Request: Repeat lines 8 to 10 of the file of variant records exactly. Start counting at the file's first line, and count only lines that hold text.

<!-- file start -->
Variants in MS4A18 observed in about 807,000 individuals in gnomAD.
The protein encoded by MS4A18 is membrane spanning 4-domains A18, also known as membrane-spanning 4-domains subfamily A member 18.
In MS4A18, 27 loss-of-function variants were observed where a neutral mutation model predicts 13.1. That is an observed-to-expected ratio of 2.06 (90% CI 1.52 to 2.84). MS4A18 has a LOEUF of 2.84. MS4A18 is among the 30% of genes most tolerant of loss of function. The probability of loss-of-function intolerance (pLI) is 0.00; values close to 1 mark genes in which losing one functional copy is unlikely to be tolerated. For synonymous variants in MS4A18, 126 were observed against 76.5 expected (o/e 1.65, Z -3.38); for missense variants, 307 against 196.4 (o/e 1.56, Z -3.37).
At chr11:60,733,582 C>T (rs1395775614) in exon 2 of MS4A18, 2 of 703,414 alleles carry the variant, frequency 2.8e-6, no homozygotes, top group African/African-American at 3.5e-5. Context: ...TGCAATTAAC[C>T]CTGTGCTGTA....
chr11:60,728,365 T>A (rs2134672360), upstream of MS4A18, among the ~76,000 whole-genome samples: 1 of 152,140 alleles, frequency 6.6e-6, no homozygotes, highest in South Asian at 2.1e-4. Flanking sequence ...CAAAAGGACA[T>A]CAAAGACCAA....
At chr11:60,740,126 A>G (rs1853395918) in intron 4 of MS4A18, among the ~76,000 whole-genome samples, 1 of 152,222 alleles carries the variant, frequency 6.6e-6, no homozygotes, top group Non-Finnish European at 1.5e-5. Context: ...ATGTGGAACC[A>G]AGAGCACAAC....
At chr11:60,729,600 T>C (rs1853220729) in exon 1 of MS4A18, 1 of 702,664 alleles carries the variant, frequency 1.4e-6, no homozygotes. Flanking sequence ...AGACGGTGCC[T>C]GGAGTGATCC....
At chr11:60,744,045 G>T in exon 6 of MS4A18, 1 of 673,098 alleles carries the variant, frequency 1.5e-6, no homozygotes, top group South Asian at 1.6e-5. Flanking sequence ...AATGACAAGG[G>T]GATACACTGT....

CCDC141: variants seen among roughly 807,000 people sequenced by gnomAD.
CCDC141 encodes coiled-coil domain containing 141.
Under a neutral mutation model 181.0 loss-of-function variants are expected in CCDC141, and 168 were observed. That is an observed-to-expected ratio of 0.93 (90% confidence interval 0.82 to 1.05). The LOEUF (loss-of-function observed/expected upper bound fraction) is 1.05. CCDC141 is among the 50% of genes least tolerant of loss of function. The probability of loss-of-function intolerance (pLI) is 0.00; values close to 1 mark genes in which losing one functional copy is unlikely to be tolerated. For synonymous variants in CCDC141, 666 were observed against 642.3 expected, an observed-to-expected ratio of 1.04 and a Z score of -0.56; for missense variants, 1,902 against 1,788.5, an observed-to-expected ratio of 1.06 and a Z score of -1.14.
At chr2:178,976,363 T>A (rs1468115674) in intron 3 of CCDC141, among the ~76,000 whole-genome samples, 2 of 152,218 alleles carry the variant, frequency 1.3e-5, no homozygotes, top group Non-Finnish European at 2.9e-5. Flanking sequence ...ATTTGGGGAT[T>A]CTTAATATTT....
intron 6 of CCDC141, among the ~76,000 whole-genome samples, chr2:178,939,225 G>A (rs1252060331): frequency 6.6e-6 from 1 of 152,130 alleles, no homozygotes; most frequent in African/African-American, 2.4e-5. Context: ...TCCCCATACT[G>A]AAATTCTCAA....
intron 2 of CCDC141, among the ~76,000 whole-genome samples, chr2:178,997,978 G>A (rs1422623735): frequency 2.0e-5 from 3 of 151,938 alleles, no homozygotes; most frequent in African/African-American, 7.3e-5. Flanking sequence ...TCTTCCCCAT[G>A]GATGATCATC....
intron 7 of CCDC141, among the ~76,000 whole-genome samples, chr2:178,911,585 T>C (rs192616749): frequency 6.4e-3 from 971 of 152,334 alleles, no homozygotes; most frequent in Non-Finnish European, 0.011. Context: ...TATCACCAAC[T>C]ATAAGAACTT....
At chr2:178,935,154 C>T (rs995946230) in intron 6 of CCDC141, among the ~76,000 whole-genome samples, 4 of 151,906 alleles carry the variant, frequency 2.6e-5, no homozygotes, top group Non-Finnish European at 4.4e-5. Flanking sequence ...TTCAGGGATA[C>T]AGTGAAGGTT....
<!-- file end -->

At chr11:60,744,045 G>T in exon 6 of MS4A18, 1 of 673,098 alleles carries the variant, frequency 1.5e-6, no homozygotes, top group South Asian at 1.6e-5. Flanking sequence ...AATGACAAGG[G>T]GATACACTGT....

CCDC141: variants seen among roughly 807,000 people sequenced by gnomAD.
CCDC141 encodes coiled-coil domain containing 141.